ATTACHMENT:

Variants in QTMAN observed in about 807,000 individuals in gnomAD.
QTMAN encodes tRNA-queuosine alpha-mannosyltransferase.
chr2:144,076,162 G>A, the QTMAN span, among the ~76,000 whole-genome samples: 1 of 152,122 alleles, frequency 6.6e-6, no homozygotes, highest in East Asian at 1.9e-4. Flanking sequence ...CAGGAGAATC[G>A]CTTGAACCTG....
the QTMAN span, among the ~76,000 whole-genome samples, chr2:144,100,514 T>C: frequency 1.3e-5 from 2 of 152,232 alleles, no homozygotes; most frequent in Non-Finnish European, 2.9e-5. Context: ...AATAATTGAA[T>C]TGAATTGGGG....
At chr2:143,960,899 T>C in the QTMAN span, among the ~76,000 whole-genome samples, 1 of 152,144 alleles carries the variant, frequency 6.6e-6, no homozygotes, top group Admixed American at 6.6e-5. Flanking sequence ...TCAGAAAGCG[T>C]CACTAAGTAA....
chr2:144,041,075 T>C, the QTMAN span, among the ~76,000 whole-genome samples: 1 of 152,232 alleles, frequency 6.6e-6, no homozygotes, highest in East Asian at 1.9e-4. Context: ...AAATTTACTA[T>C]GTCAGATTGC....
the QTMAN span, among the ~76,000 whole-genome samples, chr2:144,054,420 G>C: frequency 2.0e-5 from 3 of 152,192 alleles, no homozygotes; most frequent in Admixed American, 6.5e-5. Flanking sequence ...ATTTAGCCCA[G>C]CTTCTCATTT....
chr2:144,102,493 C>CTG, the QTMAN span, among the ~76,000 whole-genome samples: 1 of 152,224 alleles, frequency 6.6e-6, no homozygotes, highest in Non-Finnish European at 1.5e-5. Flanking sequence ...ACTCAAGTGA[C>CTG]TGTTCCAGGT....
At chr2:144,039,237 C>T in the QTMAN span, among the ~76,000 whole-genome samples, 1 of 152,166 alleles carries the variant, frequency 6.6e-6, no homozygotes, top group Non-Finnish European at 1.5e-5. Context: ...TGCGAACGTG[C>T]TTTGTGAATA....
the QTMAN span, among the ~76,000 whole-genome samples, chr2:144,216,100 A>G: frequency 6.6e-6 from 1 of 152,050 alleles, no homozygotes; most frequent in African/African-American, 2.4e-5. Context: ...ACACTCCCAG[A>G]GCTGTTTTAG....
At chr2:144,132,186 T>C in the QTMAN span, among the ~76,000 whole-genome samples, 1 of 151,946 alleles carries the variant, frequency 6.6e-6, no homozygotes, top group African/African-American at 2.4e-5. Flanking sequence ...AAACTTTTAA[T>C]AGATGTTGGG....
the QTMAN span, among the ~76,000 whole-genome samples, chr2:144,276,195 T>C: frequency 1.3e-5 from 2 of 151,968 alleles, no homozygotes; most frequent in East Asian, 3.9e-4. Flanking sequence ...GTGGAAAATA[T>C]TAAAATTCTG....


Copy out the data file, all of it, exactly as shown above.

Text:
Variants in QTMAN observed in about 807,000 individuals in gnomAD.
QTMAN encodes tRNA-queuosine alpha-mannosyltransferase.
chr2:144,076,162 G>A, the QTMAN span, among the ~76,000 whole-genome samples: 1 of 152,122 alleles, frequency 6.6e-6, no homozygotes, highest in East Asian at 1.9e-4. Flanking sequence ...CAGGAGAATC[G>A]CTTGAACCTG....
the QTMAN span, among the ~76,000 whole-genome samples, chr2:144,100,514 T>C: frequency 1.3e-5 from 2 of 152,232 alleles, no homozygotes; most frequent in Non-Finnish European, 2.9e-5. Context: ...AATAATTGAA[T>C]TGAATTGGGG....
At chr2:143,960,899 T>C in the QTMAN span, among the ~76,000 whole-genome samples, 1 of 152,144 alleles carries the variant, frequency 6.6e-6, no homozygotes, top group Admixed American at 6.6e-5. Flanking sequence ...TCAGAAAGCG[T>C]CACTAAGTAA....
chr2:144,041,075 T>C, the QTMAN span, among the ~76,000 whole-genome samples: 1 of 152,232 alleles, frequency 6.6e-6, no homozygotes, highest in East Asian at 1.9e-4. Context: ...AAATTTACTA[T>C]GTCAGATTGC....
the QTMAN span, among the ~76,000 whole-genome samples, chr2:144,054,420 G>C: frequency 2.0e-5 from 3 of 152,192 alleles, no homozygotes; most frequent in Admixed American, 6.5e-5. Flanking sequence ...ATTTAGCCCA[G>C]CTTCTCATTT....
chr2:144,102,493 C>CTG, the QTMAN span, among the ~76,000 whole-genome samples: 1 of 152,224 alleles, frequency 6.6e-6, no homozygotes, highest in Non-Finnish European at 1.5e-5. Flanking sequence ...ACTCAAGTGA[C>CTG]TGTTCCAGGT....
At chr2:144,039,237 C>T in the QTMAN span, among the ~76,000 whole-genome samples, 1 of 152,166 alleles carries the variant, frequency 6.6e-6, no homozygotes, top group Non-Finnish European at 1.5e-5. Context: ...TGCGAACGTG[C>T]TTTGTGAATA....
the QTMAN span, among the ~76,000 whole-genome samples, chr2:144,216,100 A>G: frequency 6.6e-6 from 1 of 152,050 alleles, no homozygotes; most frequent in African/African-American, 2.4e-5. Context: ...ACACTCCCAG[A>G]GCTGTTTTAG....
At chr2:144,132,186 T>C in the QTMAN span, among the ~76,000 whole-genome samples, 1 of 151,946 alleles carries the variant, frequency 6.6e-6, no homozygotes, top group African/African-American at 2.4e-5. Flanking sequence ...AAACTTTTAA[T>C]AGATGTTGGG....
the QTMAN span, among the ~76,000 whole-genome samples, chr2:144,276,195 T>C: frequency 1.3e-5 from 2 of 151,968 alleles, no homozygotes; most frequent in East Asian, 3.9e-4. Flanking sequence ...GTGGAAAATA[T>C]TAAAATTCTG....